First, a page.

North America, Travel

Mount Rainier National Park (Washington State)

The nature of the Pacific Northwest enchants me. With its thick forests, snowy mountains, and shimmering lakes, it’s hard for one not to visit and feel like they are part of something bigger and that’s exactly how I felt when I visited Mount Rainier National Park.

About an hour and a half outside of Seattle, my friend and I felt like the city disappeared behind us as we drove into the park. And once inside, we felt like we were in a different world, like the forest in Hansel and Gretel, except our breadcrumbs were our phones.

As we hiked, I couldn’t help but feel a bit intimidated by the surrounding beauty. The park was so pristine that I felt like I didn’t belong there and I worried about messing it up just by standing there. But  about twenty minutes in, my worries faded and my walk began to feel more like a meditation.

Mount Rainier is also the most glaciated peak in the Pacific Northwest so even though it was already July, there was still snow left on the ground. Some were in the middle of our paths so we had to carefully tiptoe around it or climb over it slowly. Originally, I also wanted to see the Mount Rainier wildflower field but the park ranger told us we were just a tad too early.

In the end, my friend and I decided to hike up a trail named “Paradise Point”, a name we found quite fitting to the views that it served. Along the way, we saw different types of fir trees, pine trees, and a beautiful lake so reflective we could’ve sworn it was a mirror.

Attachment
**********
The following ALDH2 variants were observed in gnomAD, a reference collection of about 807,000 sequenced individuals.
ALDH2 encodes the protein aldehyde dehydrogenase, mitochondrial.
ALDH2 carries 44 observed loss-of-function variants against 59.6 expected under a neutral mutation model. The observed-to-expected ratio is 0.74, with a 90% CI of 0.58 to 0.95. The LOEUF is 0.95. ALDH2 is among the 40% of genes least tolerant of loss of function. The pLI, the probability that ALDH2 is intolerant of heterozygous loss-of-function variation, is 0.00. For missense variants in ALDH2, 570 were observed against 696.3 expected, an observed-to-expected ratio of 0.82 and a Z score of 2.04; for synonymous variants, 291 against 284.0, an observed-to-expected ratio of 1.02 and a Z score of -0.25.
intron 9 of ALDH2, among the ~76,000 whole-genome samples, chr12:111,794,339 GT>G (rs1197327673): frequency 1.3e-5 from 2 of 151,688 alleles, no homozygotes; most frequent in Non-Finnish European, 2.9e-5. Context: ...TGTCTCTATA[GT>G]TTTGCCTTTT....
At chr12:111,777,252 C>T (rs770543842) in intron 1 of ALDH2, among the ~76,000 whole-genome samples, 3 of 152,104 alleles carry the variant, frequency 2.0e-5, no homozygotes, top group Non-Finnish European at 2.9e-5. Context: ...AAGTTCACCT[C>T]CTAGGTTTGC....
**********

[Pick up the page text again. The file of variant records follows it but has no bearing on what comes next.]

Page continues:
And while I was staring out at the lake I couldn’t help but think, “THIS and I were created by the same hands?” If so, then why am I not able to look at myself the same way? Why am I not able to look at myself in awe? Were we not created the same way, with atoms and molecules bonded together by the same force?

“Why are most of us incapable of looking at ourselves the same way we look at nature?”

But maybe this is the reason why so many of us are drawn to nature? Because it reminds us of our own grandeur and to accept our own beauty despite our imperfections? It’s a selfish and egotistical way of looking at it but if we can’t look at ourselves that way, then who will?

About Living the Free Way

LTFW is a travel blog that emphasizes giving ourselves permission to do the things we love and stepping outside or our comfort zones. You can learn more about the author on the 'About' page.
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